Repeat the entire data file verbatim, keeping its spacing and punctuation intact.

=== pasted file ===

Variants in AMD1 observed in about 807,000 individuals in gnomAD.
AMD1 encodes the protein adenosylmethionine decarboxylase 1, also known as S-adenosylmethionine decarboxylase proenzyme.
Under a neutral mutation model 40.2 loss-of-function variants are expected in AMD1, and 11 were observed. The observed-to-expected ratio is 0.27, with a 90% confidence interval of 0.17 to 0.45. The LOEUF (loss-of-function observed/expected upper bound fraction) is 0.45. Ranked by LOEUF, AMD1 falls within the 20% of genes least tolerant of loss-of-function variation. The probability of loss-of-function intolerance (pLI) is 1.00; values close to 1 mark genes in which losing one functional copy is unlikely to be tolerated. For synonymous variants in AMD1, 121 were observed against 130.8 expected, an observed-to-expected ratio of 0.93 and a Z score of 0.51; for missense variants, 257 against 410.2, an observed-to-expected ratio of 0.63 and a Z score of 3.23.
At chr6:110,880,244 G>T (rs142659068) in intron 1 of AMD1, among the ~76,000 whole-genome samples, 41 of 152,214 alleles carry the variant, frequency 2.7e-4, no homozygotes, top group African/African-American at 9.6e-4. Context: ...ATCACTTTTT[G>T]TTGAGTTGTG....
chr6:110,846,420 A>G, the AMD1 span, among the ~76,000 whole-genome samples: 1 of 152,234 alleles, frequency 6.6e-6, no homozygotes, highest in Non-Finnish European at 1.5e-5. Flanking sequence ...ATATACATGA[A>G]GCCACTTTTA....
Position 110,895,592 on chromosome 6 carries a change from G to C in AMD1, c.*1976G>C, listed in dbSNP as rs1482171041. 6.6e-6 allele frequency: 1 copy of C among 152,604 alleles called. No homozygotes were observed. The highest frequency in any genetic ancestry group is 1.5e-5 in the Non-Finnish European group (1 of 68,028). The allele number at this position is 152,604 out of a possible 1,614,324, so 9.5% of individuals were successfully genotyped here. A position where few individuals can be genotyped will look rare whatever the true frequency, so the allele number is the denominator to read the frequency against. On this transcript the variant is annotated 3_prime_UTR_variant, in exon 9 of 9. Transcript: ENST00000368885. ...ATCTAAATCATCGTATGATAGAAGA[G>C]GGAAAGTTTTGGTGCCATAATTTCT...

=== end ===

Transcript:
Variants in AMD1 observed in about 807,000 individuals in gnomAD.
AMD1 encodes the protein adenosylmethionine decarboxylase 1, also known as S-adenosylmethionine decarboxylase proenzyme.
Under a neutral mutation model 40.2 loss-of-function variants are expected in AMD1, and 11 were observed. The observed-to-expected ratio is 0.27, with a 90% confidence interval of 0.17 to 0.45. The LOEUF (loss-of-function observed/expected upper bound fraction) is 0.45. Ranked by LOEUF, AMD1 falls within the 20% of genes least tolerant of loss-of-function variation. The probability of loss-of-function intolerance (pLI) is 1.00; values close to 1 mark genes in which losing one functional copy is unlikely to be tolerated. For synonymous variants in AMD1, 121 were observed against 130.8 expected, an observed-to-expected ratio of 0.93 and a Z score of 0.51; for missense variants, 257 against 410.2, an observed-to-expected ratio of 0.63 and a Z score of 3.23.
At chr6:110,880,244 G>T (rs142659068) in intron 1 of AMD1, among the ~76,000 whole-genome samples, 41 of 152,214 alleles carry the variant, frequency 2.7e-4, no homozygotes, top group African/African-American at 9.6e-4. Context: ...ATCACTTTTT[G>T]TTGAGTTGTG....
chr6:110,846,420 A>G, the AMD1 span, among the ~76,000 whole-genome samples: 1 of 152,234 alleles, frequency 6.6e-6, no homozygotes, highest in Non-Finnish European at 1.5e-5. Flanking sequence ...ATATACATGA[A>G]GCCACTTTTA....
Position 110,895,592 on chromosome 6 carries a change from G to C in AMD1, c.*1976G>C, listed in dbSNP as rs1482171041. 6.6e-6 allele frequency: 1 copy of C among 152,604 alleles called. No homozygotes were observed. The highest frequency in any genetic ancestry group is 1.5e-5 in the Non-Finnish European group (1 of 68,028). The allele number at this position is 152,604 out of a possible 1,614,324, so 9.5% of individuals were successfully genotyped here. A position where few individuals can be genotyped will look rare whatever the true frequency, so the allele number is the denominator to read the frequency against. On this transcript the variant is annotated 3_prime_UTR_variant, in exon 9 of 9. Transcript: ENST00000368885. ...ATCTAAATCATCGTATGATAGAAGA[G>C]GGAAAGTTTTGGTGCCATAATTTCT...